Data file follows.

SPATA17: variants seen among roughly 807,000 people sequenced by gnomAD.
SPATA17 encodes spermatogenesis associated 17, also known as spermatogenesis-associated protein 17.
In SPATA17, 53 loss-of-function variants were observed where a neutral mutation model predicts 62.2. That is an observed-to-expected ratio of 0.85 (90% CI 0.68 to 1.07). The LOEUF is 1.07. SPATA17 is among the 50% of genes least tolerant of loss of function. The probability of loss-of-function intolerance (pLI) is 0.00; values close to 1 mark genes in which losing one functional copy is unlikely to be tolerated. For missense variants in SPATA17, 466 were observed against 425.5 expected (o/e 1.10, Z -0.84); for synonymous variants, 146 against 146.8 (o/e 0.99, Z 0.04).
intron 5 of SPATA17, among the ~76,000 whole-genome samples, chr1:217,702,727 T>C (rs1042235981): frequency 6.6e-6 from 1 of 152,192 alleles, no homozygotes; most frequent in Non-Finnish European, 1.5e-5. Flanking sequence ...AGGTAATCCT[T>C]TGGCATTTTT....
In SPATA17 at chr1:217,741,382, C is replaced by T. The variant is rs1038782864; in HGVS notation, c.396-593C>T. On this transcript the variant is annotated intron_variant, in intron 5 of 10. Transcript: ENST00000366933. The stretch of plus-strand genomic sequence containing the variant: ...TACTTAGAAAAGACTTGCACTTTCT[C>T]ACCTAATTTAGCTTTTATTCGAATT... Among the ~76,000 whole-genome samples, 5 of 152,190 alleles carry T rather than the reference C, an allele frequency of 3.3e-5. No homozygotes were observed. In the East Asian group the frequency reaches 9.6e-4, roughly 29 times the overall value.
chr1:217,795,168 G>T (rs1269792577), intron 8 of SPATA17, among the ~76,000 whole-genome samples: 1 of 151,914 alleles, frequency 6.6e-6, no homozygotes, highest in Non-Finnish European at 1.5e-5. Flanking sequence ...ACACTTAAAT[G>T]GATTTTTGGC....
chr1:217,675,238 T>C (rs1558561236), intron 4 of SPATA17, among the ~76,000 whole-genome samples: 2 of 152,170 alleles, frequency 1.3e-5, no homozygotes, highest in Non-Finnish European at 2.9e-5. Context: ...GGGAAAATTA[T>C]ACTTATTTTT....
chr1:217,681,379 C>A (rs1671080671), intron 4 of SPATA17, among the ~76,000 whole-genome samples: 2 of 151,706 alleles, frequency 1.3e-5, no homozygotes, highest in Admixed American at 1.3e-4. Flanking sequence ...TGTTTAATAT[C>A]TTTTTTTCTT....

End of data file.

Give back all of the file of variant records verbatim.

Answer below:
SPATA17: variants seen among roughly 807,000 people sequenced by gnomAD.
SPATA17 encodes spermatogenesis associated 17, also known as spermatogenesis-associated protein 17.
In SPATA17, 53 loss-of-function variants were observed where a neutral mutation model predicts 62.2. That is an observed-to-expected ratio of 0.85 (90% CI 0.68 to 1.07). The LOEUF is 1.07. SPATA17 is among the 50% of genes least tolerant of loss of function. The probability of loss-of-function intolerance (pLI) is 0.00; values close to 1 mark genes in which losing one functional copy is unlikely to be tolerated. For missense variants in SPATA17, 466 were observed against 425.5 expected (o/e 1.10, Z -0.84); for synonymous variants, 146 against 146.8 (o/e 0.99, Z 0.04).
intron 5 of SPATA17, among the ~76,000 whole-genome samples, chr1:217,702,727 T>C (rs1042235981): frequency 6.6e-6 from 1 of 152,192 alleles, no homozygotes; most frequent in Non-Finnish European, 1.5e-5. Flanking sequence ...AGGTAATCCT[T>C]TGGCATTTTT....
In SPATA17 at chr1:217,741,382, C is replaced by T. The variant is rs1038782864; in HGVS notation, c.396-593C>T. On this transcript the variant is annotated intron_variant, in intron 5 of 10. Transcript: ENST00000366933. The stretch of plus-strand genomic sequence containing the variant: ...TACTTAGAAAAGACTTGCACTTTCT[C>T]ACCTAATTTAGCTTTTATTCGAATT... Among the ~76,000 whole-genome samples, 5 of 152,190 alleles carry T rather than the reference C, an allele frequency of 3.3e-5. No homozygotes were observed. In the East Asian group the frequency reaches 9.6e-4, roughly 29 times the overall value.
chr1:217,795,168 G>T (rs1269792577), intron 8 of SPATA17, among the ~76,000 whole-genome samples: 1 of 151,914 alleles, frequency 6.6e-6, no homozygotes, highest in Non-Finnish European at 1.5e-5. Flanking sequence ...ACACTTAAAT[G>T]GATTTTTGGC....
chr1:217,675,238 T>C (rs1558561236), intron 4 of SPATA17, among the ~76,000 whole-genome samples: 2 of 152,170 alleles, frequency 1.3e-5, no homozygotes, highest in Non-Finnish European at 2.9e-5. Context: ...GGGAAAATTA[T>C]ACTTATTTTT....
chr1:217,681,379 C>A (rs1671080671), intron 4 of SPATA17, among the ~76,000 whole-genome samples: 2 of 151,706 alleles, frequency 1.3e-5, no homozygotes, highest in Admixed American at 1.3e-4. Flanking sequence ...TGTTTAATAT[C>A]TTTTTTTCTT....